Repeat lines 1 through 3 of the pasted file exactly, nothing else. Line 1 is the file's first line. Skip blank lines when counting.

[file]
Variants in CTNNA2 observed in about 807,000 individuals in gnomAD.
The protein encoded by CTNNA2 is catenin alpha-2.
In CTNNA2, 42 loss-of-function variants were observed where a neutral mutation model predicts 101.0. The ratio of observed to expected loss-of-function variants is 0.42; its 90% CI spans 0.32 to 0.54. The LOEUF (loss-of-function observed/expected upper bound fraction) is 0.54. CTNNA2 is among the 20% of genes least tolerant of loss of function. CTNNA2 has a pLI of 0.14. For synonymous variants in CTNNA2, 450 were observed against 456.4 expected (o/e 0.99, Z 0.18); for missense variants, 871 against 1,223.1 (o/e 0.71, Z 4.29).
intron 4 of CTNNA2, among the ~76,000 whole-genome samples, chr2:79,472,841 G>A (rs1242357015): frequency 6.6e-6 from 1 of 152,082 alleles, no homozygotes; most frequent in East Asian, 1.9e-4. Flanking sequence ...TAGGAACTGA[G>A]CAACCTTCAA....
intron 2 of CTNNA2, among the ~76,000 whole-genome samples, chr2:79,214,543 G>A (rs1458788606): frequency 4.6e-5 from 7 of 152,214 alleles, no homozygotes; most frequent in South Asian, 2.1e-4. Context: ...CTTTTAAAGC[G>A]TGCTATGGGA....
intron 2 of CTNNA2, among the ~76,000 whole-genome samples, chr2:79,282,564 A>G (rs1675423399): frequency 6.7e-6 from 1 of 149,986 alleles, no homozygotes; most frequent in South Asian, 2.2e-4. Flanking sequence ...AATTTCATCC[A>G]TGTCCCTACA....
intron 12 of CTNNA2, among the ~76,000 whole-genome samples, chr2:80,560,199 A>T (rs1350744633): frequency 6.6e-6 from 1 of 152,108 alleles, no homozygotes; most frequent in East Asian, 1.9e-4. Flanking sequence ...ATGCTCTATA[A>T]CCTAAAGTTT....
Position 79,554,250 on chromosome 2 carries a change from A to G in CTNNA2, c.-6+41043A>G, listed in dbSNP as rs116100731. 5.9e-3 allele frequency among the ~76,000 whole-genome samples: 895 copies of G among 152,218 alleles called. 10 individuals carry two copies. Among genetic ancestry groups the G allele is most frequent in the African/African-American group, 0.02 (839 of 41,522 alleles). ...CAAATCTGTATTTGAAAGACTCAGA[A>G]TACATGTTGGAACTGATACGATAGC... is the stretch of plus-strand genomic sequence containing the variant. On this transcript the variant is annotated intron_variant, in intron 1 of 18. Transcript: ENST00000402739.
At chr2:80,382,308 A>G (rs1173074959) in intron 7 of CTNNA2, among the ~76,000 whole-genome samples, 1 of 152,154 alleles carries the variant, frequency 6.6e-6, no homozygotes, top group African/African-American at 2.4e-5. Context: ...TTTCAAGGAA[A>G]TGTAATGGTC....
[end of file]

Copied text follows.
Variants in CTNNA2 observed in about 807,000 individuals in gnomAD.
The protein encoded by CTNNA2 is catenin alpha-2.
In CTNNA2, 42 loss-of-function variants were observed where a neutral mutation model predicts 101.0. The ratio of observed to expected loss-of-function variants is 0.42; its 90% CI spans 0.32 to 0.54. The LOEUF (loss-of-function observed/expected upper bound fraction) is 0.54. CTNNA2 is among the 20% of genes least tolerant of loss of function. CTNNA2 has a pLI of 0.14. For synonymous variants in CTNNA2, 450 were observed against 456.4 expected (o/e 0.99, Z 0.18); for missense variants, 871 against 1,223.1 (o/e 0.71, Z 4.29).